Burnhope Seat sits at the convergence point of the basins of the north-east’s three major rivers, the Tees, Wear and Tyne. The walk proceeds through each of them, starting with the Tees. Crook Burn is heading that way, and is the stream that goes under the road by the cattle grid. The route begins by requiring you to proceed up the fence that runs alongside it. Learn to love this fence, which you will become very familiar with over the next few miles. Don’t expect to find paths up here: there aren’t any. The fence is your only guide.
The county border between what is now Cumbria (and was Cumberland) and Durham wanders from side to side of this straight fence — maybe the surveyors were just trying to avoid the bogs. Occasional grey standing stones mark the boundary. The one pictured here stands where the fence reaches a junction; turn left. You leave the basin of the Tees here. Now, on your right, streams are heading for the Wear, and eventually the sea at Sunderland; on the left, the Tyne, and Newcastle.
The summit of Burnhope Seat, marked by its trig, is reached by struggling through the peat a little more (the picture of the hags from further up the page was taken from this section). At least the summit is dry, and a place to rest for a while. Incidentally, there does seem to be slightly higher ground over the fence to the west, but even if there is, this is all in Cumbria. The trig is definitively the highest point in (historic) Durham.
Continue along the fence to the north. The bogs don’’t get any better now you’re on the top; the opposite is true, if anything. Wooden boards offer respite at points, but many are cracked and rotting. Soldier on though, as the summit of Dead Stones is just about worth it thanks to its impressive cairn and shelter, although I wouldn’t sit inside the latter, as the stone roof looks as if it will come down the next time someone does a really loud cough. Stick to the ‘porch’.
Doubtless you have experienced enough peat by now to have put you off gardening for life, so descend beside the fence that you crossed just before the summit. This leads down onto an old mine road that is the first made track of any description that you have reached in 4½ miles. After this everything is much easier. Turn right at the track then, when it reaches a narrow tarmac lane, left through the semi-felled plantation of Ashgill Woods. When this lane comes out onto the B6277, turn right along the road for a short distance. Be very wary of traffic here — keep your ears open.
Escape left at the first opportunity, beside the white-painted farm, dropping down through fields to the signposted ‘South Tyne Trail’ at the bottom, where turn left (this is the lowest altitude point reached on the walk). This path leads back south, accompanying the infant river Tyne. Actually this is the South Tyne; its sibling, the North Tyne, starts miles away, on the Scottish border. Anyone familiar with the city of Newcastle will marvel at how sweet and innocent the Tyne seems here. Not that you see that much of it until the path comes out at the open area (pictured) with its many sheep grazing on the banks.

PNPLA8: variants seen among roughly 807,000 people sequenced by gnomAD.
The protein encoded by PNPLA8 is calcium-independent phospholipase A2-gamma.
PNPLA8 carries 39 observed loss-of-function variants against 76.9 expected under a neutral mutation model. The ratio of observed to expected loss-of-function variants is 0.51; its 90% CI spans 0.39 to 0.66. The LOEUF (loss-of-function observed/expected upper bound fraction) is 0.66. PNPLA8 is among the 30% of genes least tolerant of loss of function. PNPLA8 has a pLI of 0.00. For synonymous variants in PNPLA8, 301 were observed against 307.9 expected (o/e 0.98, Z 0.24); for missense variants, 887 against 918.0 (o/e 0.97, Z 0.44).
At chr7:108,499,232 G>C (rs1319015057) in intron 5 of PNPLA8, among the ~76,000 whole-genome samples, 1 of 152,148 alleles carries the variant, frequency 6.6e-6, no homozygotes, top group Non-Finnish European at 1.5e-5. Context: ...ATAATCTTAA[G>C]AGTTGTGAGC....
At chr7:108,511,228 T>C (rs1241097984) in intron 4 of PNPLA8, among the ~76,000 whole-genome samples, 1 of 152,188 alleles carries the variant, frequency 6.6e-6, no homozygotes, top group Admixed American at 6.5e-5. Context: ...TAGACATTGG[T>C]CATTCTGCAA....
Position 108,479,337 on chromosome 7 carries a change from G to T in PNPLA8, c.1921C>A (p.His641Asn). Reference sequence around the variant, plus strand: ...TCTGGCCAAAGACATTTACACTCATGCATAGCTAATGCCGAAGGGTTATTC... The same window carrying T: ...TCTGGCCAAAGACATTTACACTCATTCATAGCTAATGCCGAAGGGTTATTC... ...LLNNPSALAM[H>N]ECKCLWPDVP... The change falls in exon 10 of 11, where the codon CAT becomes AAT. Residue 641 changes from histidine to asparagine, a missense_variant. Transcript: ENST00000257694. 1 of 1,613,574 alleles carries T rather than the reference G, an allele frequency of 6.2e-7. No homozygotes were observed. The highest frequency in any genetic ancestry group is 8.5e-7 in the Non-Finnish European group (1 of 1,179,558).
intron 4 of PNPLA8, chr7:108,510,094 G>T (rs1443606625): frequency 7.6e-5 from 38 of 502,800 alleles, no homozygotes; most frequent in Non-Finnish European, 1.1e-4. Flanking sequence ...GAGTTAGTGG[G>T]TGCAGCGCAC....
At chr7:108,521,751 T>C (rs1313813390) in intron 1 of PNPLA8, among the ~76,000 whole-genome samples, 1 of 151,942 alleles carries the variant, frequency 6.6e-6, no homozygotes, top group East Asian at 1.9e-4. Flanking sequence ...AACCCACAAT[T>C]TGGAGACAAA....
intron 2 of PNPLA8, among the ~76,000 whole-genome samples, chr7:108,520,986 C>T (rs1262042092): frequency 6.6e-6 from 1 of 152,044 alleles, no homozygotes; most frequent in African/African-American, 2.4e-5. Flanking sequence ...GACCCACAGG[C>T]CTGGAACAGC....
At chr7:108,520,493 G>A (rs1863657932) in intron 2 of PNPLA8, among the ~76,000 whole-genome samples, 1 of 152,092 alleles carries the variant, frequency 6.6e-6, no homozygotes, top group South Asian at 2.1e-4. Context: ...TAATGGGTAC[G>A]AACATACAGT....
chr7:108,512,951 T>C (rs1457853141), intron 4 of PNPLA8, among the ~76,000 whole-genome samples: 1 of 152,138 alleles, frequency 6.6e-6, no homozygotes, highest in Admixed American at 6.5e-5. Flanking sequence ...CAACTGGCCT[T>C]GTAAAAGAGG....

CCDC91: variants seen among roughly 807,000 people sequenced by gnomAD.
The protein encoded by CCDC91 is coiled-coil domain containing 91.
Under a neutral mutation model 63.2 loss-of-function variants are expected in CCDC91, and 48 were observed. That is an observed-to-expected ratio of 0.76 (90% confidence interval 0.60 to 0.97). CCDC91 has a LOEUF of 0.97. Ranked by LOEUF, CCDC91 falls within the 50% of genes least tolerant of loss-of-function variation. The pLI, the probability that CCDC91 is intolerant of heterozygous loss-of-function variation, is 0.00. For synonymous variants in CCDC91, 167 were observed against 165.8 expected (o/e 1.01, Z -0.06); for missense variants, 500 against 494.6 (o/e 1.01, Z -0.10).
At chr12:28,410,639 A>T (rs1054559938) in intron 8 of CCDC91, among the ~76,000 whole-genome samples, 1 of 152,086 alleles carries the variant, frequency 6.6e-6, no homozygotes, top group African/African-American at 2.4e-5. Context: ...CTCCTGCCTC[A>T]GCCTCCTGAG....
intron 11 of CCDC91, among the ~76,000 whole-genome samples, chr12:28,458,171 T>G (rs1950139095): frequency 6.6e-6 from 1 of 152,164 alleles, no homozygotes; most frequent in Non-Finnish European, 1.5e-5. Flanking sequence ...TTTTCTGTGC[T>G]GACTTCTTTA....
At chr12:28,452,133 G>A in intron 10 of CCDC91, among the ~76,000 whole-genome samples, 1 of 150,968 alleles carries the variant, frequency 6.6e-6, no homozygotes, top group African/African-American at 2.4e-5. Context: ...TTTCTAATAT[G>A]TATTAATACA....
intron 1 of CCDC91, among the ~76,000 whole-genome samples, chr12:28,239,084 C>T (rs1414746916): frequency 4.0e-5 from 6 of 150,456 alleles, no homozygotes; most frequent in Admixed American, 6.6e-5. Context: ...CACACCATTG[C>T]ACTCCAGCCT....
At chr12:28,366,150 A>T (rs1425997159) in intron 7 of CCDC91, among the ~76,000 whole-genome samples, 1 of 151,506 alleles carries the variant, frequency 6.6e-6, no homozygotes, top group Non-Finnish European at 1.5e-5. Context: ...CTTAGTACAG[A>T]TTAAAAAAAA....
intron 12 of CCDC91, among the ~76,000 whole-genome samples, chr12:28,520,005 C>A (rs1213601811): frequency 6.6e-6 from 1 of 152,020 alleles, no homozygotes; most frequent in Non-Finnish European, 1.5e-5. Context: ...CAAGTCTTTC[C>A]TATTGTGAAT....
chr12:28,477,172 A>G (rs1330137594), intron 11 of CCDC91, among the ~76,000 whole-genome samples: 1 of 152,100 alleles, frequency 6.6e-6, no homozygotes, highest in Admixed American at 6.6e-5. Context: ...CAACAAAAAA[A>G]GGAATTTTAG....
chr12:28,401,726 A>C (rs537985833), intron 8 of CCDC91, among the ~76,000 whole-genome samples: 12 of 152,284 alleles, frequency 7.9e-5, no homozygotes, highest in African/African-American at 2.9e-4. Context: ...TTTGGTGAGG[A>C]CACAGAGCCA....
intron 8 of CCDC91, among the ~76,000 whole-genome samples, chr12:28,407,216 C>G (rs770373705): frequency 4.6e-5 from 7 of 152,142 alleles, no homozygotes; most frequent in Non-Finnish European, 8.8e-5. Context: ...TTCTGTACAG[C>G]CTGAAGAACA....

Keep going along the valley bottom until reaching a signpost near the extremely remote farm of Tynehead. There turn left, heading past the farm and climbing up out of the valley. This final climb does outstay its welcome a little, though distraction is offered by the sight of the old mine workings down in Clargill Beck below. Once up on the road again, turn right, and as long as no one has made off with your car, you will return to it about half a mile later.
Entirely optional commentary: Despite the travails of the peat, I had a good day today. This was the first walk I’ve done, in either my Wainwright or County Tops rounds, that felt ‘normal’ (as opposed to ‘new [ab]normal’) since some time in February. Pubs have reopened, which helps enormously. I drove to this walk via as quick a route as I could find (2½ hours from home in West Yorkshire, via the A1, A66 then up Teesdale), but coming home I took the scenic route through the Yorkshire Dales, and most of the places I passed were seeing healthy amounts of business if the occupancy of outside tables was anything to go by. Everywhere seemed to be operating sensibly and — except for wondering why we didn’t do this weeks ago — I can see this as only a good thing.
Mind you, I am glad I did not fulfil my original plan, to (more or less) follow the walk route described on this blog. My experience today suggests that this would have involved more than ten miles of ploughing through crud. Once I’d established I was coming by car, starting where I did (more than 1,900 feet up) seemed the sensible option and reduced considerably my need to get intimate with peat.
I know it’s a valuable natural resource, and how much biodiversity a good, well-maintained peat upland sustains. This was a good walk for wildlife in fact, with many birds of prey and lapwings spotted and more hares than I have seen anywhere in a long time. But peat is hard work and all the way round the first half of the walk I felt I was only one misstep away from sliding over and ending up caked in filth.
The walk as a whole did bring a sense of enjoyment and self-satisfaction, though. The pleasure of having explored, and attaining a hard-to-reach point by the sweat of one’s own brow. And that’s the point of this, isn’t it?
Walking has sustained my sanity through lockdown and even if the pubs are now open, not much else is that I enjoy (football grounds, cinemas and clubs remain denied to us all). In a few days, I’m off work for a while, and as long as the weather holds out, I might as well carry on peak-bagging. So there may be another one of these done before the end of the month. Less bog would be welcome — but let us see what the landscape brings.